Takes time and commitment, but for frequently used/critical tasks (change point control, control of nonconforming product, whatever matters to your organization), it is a way to help make these vibrant.

    Hope this helps.
    Be well.
     
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  6. RoxaneB

    RoxaneB Moderator Staff Member

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    I think we're making this way more complicated than it needs to be. It's called a job description where expectations are clearly laid out. Documents may come and go, but the overarching expectation is "Thou shalt follow the documentation relevant to your role and responsibilities." If your employees - who are responsible adults - are saying 'yes' without actually reading the document, shame on them. They are opening themselves up to "dismissal with cause" if found to be a contributing factor to an event by not following the documented procedure.

    That said, an organization does need to take some steps to ensure they have developed an effective process for capturing training of employees. In my opinion, your current one works but is top-heavy with manual-ness. In a previous job, our document control software allowed us to:

    • Assign impacted roles/positions to documented procedures
    • Assign requirements upon revisions (e.g., no training need, e-training, formal training)
    • Follow-up on outstanding training with process owners (e.g., "No response" to e-training requirements, incomplete formal training)

    From there, audits and review of results (i.e., achievement of targets to process measures) gave us some sense of assurance that processes were being followed as directed. If results were not achieved or audits discovered a lack of conformance to documented process, it was up to the root cause analysis to determine if it was a training-related issue.
     
  7. BradM

    BradM Moderator Staff Member

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    The only way I know of to truly measure if somebody read and understood something is by testing them by either asking questions and grading the results; or through demonstrated proficiency.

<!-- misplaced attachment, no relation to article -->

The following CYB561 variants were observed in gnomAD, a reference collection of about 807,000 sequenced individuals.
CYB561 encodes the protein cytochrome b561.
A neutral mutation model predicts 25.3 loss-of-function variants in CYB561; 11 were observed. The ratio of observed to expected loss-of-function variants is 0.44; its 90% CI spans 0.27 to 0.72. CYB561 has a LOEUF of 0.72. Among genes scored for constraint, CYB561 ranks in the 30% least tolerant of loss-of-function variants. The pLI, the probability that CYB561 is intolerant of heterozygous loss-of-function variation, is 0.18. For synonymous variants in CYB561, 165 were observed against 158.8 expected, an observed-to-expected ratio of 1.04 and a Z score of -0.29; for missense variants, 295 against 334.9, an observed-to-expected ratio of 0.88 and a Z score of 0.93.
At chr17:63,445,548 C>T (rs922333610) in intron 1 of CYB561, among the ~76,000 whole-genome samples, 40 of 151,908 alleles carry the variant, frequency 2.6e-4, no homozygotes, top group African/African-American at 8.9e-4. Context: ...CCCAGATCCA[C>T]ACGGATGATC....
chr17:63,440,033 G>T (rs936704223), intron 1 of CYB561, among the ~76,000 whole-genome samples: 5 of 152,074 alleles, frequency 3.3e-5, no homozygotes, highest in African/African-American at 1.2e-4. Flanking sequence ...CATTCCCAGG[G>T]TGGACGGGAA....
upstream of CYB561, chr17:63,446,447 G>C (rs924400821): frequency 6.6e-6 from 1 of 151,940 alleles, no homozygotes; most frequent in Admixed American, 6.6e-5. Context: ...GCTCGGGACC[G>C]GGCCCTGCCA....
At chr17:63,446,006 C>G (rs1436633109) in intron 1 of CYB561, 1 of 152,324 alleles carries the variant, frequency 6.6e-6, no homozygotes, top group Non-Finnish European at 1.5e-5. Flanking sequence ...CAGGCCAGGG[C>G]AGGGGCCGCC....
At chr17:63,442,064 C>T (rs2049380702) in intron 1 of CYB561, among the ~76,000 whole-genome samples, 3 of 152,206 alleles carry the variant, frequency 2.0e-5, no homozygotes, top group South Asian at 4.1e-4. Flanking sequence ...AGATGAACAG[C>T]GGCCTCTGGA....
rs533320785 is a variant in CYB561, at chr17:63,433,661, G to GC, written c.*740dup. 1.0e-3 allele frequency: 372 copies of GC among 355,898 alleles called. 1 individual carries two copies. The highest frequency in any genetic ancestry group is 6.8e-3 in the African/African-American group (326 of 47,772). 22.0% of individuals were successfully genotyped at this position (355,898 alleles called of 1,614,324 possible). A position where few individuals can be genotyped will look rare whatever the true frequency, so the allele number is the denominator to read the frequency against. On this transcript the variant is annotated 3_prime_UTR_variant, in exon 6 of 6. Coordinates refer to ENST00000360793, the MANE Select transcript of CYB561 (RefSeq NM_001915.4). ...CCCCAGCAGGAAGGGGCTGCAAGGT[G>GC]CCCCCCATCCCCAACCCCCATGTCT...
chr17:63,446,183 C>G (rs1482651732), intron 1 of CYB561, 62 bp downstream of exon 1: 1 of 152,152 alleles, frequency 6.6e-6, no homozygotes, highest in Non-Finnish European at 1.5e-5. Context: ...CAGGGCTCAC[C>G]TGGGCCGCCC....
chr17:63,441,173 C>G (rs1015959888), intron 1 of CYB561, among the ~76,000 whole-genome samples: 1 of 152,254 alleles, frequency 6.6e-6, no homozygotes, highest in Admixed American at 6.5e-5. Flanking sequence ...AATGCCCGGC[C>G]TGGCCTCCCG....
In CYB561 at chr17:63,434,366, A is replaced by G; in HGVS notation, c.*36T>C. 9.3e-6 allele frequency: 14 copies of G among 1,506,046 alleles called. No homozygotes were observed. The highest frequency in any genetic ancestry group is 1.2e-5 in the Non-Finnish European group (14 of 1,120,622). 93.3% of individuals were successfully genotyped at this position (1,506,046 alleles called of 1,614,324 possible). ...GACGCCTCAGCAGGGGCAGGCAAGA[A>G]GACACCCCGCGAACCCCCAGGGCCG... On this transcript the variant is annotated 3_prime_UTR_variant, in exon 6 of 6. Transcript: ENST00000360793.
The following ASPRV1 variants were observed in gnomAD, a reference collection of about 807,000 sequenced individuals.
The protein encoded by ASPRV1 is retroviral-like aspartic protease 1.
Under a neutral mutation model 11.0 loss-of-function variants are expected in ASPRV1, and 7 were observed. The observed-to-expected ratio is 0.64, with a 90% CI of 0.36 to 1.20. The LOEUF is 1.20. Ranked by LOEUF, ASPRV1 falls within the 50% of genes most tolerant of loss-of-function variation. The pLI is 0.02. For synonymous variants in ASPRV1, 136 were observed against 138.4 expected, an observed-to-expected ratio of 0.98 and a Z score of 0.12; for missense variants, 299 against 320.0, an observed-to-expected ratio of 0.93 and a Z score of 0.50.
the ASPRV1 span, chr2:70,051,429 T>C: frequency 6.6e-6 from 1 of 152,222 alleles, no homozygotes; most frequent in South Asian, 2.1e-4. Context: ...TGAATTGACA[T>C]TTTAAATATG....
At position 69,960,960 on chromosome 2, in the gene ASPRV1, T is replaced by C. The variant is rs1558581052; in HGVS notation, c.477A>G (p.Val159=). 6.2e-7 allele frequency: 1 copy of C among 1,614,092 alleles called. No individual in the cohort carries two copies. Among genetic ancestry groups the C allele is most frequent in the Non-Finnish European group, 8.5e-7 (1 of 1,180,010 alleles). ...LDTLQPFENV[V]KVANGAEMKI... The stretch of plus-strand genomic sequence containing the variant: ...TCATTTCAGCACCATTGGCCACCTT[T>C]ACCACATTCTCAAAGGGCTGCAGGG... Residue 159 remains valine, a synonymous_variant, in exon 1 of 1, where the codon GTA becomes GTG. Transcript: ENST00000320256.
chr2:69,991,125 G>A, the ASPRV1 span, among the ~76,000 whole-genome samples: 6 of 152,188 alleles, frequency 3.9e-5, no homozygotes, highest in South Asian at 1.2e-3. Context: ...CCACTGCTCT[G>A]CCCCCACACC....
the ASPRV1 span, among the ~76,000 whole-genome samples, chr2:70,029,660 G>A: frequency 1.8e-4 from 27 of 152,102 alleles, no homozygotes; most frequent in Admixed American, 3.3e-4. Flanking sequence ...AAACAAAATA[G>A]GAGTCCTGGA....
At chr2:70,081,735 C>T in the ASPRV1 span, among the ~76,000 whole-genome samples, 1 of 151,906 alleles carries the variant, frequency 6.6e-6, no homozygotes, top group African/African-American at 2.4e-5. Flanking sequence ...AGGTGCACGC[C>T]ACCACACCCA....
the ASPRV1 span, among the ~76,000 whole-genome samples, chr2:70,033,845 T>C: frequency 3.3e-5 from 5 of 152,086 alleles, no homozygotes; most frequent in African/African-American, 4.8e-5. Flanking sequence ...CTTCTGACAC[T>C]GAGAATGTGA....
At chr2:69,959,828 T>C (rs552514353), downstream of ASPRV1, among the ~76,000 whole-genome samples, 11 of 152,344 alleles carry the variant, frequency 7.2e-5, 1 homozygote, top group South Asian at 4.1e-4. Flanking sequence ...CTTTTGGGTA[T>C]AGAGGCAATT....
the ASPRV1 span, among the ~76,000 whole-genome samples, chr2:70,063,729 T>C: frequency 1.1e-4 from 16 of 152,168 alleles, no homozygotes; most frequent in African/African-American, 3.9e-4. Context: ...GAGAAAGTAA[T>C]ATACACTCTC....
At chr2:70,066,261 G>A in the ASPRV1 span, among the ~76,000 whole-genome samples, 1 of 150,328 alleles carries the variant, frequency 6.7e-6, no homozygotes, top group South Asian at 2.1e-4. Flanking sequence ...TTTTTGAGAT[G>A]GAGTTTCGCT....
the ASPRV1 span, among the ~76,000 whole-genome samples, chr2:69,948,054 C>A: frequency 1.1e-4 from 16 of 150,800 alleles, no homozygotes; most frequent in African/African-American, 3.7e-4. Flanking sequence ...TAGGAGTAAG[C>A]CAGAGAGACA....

Otherwise, I think your system is just fine for what it is: demonstrating that people acknowledged they read and understood something.

    If the boss is that concerned, I would suggest paying somebody to write, validate and administer test questions. And.. have a process for what to do if somebody doesn't pass the test.
    Or, establish some kind of on the job assessment. Caution on this one... people are odd; and behavior and performance might be unduly affected due to observation..

    My suggestion: keep doing what you're doing, and invest more time in process monitoring and improvements.
     
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  8. Golfman25

    Golfman25 Well-Known Member

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    I think what you have is fine. I assume you have adequate procedure writing/change process where people are included and this is just a follow up of the amended written document. If they are just voting yes, then that's on them. The proof is in the audits and process monitoring. I am sure you have better things to worry about. Tell your boss "it will cost millions." :) Good luck.
     
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  9. Jennifer Kirley

    Jennifer Kirley Moderator Staff Member

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    I have seen the voting button feature in Outlook used to great benefit because (as it was shown to me) there is a feature in it to produce a report showing those votes, by whom and their date/time stamp.

    Golfman25 is right: you cannot do more. People need to be responsible, and accountable if they do not actually read the procedures. Keep in mind though, that not everyone will remember what they read the first time through. You can't control that either. We can only do so much.
     
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  10. Anna Wagstaffe

    Anna Wagstaffe Member

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    Many thanks for your responses, its great to get your thoughts on a subject validated, as well as new ideas to add to the mix.